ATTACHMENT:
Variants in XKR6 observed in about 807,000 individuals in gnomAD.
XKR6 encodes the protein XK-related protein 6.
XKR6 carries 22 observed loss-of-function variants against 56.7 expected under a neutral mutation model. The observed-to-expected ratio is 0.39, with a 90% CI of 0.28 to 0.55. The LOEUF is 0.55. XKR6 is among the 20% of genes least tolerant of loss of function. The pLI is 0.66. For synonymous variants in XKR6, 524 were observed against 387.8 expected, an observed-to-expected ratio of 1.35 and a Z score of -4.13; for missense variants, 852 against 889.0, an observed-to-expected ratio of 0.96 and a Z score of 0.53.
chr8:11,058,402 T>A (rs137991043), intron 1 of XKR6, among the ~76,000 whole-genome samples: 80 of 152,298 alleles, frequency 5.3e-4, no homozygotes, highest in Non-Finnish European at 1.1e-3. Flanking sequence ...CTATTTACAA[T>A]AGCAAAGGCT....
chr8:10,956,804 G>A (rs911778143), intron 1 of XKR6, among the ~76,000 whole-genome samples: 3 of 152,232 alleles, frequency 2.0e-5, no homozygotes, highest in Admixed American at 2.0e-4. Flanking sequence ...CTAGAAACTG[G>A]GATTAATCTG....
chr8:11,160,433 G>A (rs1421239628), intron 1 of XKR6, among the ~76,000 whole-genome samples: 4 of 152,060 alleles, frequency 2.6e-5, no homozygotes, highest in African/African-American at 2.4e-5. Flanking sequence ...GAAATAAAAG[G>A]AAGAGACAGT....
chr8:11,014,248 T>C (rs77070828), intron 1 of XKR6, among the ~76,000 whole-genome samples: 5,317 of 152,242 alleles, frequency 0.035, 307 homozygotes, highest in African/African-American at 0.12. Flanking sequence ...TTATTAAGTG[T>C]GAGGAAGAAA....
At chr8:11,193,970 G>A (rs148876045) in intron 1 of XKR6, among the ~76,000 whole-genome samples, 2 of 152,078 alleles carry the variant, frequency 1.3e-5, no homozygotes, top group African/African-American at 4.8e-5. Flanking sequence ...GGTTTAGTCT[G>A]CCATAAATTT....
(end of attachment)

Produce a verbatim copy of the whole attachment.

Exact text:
Variants in XKR6 observed in about 807,000 individuals in gnomAD.
XKR6 encodes the protein XK-related protein 6.
XKR6 carries 22 observed loss-of-function variants against 56.7 expected under a neutral mutation model. The observed-to-expected ratio is 0.39, with a 90% CI of 0.28 to 0.55. The LOEUF is 0.55. XKR6 is among the 20% of genes least tolerant of loss of function. The pLI is 0.66. For synonymous variants in XKR6, 524 were observed against 387.8 expected, an observed-to-expected ratio of 1.35 and a Z score of -4.13; for missense variants, 852 against 889.0, an observed-to-expected ratio of 0.96 and a Z score of 0.53.
chr8:11,058,402 T>A (rs137991043), intron 1 of XKR6, among the ~76,000 whole-genome samples: 80 of 152,298 alleles, frequency 5.3e-4, no homozygotes, highest in Non-Finnish European at 1.1e-3. Flanking sequence ...CTATTTACAA[T>A]AGCAAAGGCT....
chr8:10,956,804 G>A (rs911778143), intron 1 of XKR6, among the ~76,000 whole-genome samples: 3 of 152,232 alleles, frequency 2.0e-5, no homozygotes, highest in Admixed American at 2.0e-4. Flanking sequence ...CTAGAAACTG[G>A]GATTAATCTG....
chr8:11,160,433 G>A (rs1421239628), intron 1 of XKR6, among the ~76,000 whole-genome samples: 4 of 152,060 alleles, frequency 2.6e-5, no homozygotes, highest in African/African-American at 2.4e-5. Flanking sequence ...GAAATAAAAG[G>A]AAGAGACAGT....
chr8:11,014,248 T>C (rs77070828), intron 1 of XKR6, among the ~76,000 whole-genome samples: 5,317 of 152,242 alleles, frequency 0.035, 307 homozygotes, highest in African/African-American at 0.12. Flanking sequence ...TTATTAAGTG[T>C]GAGGAAGAAA....
At chr8:11,193,970 G>A (rs148876045) in intron 1 of XKR6, among the ~76,000 whole-genome samples, 2 of 152,078 alleles carry the variant, frequency 1.3e-5, no homozygotes, top group African/African-American at 4.8e-5. Flanking sequence ...GGTTTAGTCT[G>A]CCATAAATTT....